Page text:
More recently, imiquimod cream was used (off-label) prior to carbon dioxide laser surgery to delineate the extent of the tumor, and presumably decrease viral load in the surrounding clinically normal-appearing skin, thus decreasing the risk of recurrence.61 Immunotherapy with autogenous vaccine was also reported to be efficacious.62
For smaller lesions, cryosurgery and topical 5-fluorouracil (off-label) have been found useful.20 However, in contrast to its effectiveness in CA, results with topical podophyllin (off-label) have been found to be disappointing.1
BLT is a condition that carries a significant risk of morbidity and mortality if left untreated. The overall mortality rate is 20% to 30%.12,34,35,44 Major causes of morbidity include local spread of the disease, recurrence, postoperative complications including hemorrhage, cachexia, and failed colostomy-associated peritonitis.
The risk of recurrence reported in the literature ranges from 60% to 67% following excision.12,34,35,44 Risk factors for recurrence include long duration of the disease and HIV co-infection.1,34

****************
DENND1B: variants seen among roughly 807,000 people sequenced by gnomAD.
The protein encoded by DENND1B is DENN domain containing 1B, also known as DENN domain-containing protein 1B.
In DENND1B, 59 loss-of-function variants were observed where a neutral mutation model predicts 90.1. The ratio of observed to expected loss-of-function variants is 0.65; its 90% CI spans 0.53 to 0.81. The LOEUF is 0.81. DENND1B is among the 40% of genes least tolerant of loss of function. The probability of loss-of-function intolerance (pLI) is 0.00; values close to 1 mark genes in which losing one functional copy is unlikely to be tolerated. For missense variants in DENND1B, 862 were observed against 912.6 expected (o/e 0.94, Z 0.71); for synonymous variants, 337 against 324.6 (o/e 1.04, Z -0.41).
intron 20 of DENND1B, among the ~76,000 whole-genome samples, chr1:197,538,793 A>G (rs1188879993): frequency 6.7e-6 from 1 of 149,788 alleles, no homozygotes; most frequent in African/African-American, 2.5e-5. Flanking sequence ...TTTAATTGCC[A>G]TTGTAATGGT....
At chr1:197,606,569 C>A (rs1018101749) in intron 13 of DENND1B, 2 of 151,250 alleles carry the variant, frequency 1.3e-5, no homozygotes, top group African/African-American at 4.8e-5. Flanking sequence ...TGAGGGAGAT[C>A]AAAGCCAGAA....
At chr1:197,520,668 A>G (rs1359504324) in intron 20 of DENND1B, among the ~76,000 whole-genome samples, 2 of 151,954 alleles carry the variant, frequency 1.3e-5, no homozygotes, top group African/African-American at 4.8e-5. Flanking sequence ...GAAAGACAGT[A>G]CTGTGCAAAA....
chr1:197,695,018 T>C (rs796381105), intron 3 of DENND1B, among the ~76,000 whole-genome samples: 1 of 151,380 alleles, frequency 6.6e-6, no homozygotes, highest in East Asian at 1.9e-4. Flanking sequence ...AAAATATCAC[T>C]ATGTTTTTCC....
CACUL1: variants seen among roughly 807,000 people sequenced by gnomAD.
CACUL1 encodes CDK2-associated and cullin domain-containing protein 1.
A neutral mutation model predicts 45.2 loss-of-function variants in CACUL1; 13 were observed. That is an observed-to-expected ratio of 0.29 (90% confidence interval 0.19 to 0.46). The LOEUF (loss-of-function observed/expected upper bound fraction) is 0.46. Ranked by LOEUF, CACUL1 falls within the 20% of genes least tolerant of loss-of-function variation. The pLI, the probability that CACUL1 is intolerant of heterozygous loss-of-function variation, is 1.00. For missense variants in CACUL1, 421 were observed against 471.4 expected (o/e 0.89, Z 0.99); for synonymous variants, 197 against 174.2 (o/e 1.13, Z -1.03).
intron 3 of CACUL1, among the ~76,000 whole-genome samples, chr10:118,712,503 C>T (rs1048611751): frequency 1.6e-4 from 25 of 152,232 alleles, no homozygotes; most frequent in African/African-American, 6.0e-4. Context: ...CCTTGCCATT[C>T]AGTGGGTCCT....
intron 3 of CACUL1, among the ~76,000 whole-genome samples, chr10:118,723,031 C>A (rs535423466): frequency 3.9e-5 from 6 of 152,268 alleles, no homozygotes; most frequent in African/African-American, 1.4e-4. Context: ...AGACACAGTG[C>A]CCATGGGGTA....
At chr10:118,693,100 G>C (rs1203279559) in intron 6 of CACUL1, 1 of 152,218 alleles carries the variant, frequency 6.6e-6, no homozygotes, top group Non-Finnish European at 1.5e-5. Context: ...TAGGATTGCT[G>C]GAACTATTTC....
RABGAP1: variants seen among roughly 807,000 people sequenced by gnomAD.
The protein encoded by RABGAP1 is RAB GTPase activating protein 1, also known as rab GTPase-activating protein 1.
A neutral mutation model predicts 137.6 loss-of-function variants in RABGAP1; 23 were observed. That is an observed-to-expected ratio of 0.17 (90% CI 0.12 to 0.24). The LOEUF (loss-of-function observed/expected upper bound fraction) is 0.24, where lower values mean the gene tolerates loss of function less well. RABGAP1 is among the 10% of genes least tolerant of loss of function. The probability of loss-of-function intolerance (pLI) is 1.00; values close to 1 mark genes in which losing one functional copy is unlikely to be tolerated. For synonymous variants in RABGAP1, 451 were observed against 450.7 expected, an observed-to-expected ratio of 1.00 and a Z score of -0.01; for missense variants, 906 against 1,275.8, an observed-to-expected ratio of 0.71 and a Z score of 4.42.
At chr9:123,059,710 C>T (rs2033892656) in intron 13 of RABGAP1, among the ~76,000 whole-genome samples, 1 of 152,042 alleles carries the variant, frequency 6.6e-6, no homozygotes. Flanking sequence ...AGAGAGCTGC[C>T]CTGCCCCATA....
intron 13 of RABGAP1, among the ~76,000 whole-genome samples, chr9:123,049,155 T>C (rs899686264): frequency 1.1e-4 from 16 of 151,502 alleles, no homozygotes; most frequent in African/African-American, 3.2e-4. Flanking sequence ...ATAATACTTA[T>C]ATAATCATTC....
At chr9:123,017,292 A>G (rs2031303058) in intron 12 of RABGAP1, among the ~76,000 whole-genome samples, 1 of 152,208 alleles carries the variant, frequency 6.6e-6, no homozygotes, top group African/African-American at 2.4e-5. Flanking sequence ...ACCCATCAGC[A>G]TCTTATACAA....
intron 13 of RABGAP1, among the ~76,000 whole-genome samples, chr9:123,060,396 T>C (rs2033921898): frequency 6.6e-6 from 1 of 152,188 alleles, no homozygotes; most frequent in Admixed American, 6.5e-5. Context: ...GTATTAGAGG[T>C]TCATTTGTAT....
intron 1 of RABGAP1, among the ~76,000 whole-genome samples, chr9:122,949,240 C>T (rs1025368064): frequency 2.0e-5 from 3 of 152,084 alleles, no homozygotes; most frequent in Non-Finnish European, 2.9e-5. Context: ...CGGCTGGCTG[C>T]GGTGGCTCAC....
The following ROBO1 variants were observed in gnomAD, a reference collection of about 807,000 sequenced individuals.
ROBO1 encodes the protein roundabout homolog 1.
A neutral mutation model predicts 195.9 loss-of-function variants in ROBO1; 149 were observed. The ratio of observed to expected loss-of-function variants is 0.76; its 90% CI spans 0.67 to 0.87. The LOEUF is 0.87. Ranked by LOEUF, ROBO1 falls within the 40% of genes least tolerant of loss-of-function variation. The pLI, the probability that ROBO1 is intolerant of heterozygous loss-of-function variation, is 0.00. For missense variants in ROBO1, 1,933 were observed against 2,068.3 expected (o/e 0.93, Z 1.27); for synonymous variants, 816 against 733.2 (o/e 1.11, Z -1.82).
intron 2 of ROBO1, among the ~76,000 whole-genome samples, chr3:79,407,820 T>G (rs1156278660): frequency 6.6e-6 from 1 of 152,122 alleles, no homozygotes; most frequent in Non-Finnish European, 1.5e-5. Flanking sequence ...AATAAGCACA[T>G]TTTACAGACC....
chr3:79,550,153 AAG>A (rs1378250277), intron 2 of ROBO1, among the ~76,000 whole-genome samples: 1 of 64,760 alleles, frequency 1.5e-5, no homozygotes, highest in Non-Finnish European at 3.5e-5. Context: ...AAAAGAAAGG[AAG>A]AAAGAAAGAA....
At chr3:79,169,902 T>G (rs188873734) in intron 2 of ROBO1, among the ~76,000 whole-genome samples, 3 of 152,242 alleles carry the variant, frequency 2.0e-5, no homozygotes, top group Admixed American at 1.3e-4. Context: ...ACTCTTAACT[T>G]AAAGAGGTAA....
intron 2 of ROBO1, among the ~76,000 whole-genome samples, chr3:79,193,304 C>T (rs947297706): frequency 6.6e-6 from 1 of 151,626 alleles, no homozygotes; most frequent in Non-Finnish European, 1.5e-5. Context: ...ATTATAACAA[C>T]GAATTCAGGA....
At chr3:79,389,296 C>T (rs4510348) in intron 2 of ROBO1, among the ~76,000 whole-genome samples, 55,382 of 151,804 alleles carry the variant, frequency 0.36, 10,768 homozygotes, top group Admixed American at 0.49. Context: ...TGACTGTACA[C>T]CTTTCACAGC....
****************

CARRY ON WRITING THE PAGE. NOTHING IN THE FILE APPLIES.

High clinical suspicion, prompt diagnosis, and early aggressive treatment are of paramount importance in the management of BLT to maximize the chance for a cure and prevent the morbidity associated with advanced disease.
This manuscript is dedicated in memoriam to Dan K. Chalker, M.D., one of the founding fathers of the American Academy of Dermatology, a caring physician, a great dermatologist, a devoted teacher, a mentor, and a friend.
Dr. Dudelzak is a Resident in the Division of Dermatology at the Medical College of Georgia, Augusta.
CME Course #130 — March 2007: The Buschke-Loewenstein Tumor—Giant Condyloma Acuminatum
1. Which of the following belong to the group of verrucous carcinomas?
a. The Buschke-Loewenstein Tumor (BLT)
b. Oral florid papillomatosis of Ackerman
c. Palmoplantar epithelioma cuniculatum
d. Cutaneous Gottron’s papillomatosis cutis carcinoides
e. All of the above
2. The Buschke-Loewenstein Tumor is:
a. Seen more commonly in males
b. Seen more commonly in females
c. Has an equal sex distribution
3. The most frequently isolated HPV types in BLT are:
a. 16 and 18
b. 1 and 3
c. 6 and 11
4. Which viral protein of HPV type 6 has been postulated in the pathogenesis?
5. Which factor has the greatest impact on clinical course?
a. HPV type
c. Local extent of the tumor
6. What is the most common site of BLT?
c. Inguinal folds
7. What does the base of the Buschke-Loewenstein tumor usually look like histologically?
a. Infiltrating cords of cells
b. Infiltrating single atypical keratinocytes
c. Pushing broad rete ridges
d. Poorly differentiated spindle cells
8. Which treatment modality should be used with caution as it has been linked to malignant transformation and metastasis?
9. What is the mortality of this tumor?
a. 1% to 2%
b. 20% to 30%
c. 50% to 75%
d. 80% to 95%
10. What is the risk of recurrence after excision?
‹ Previous articleNext article ›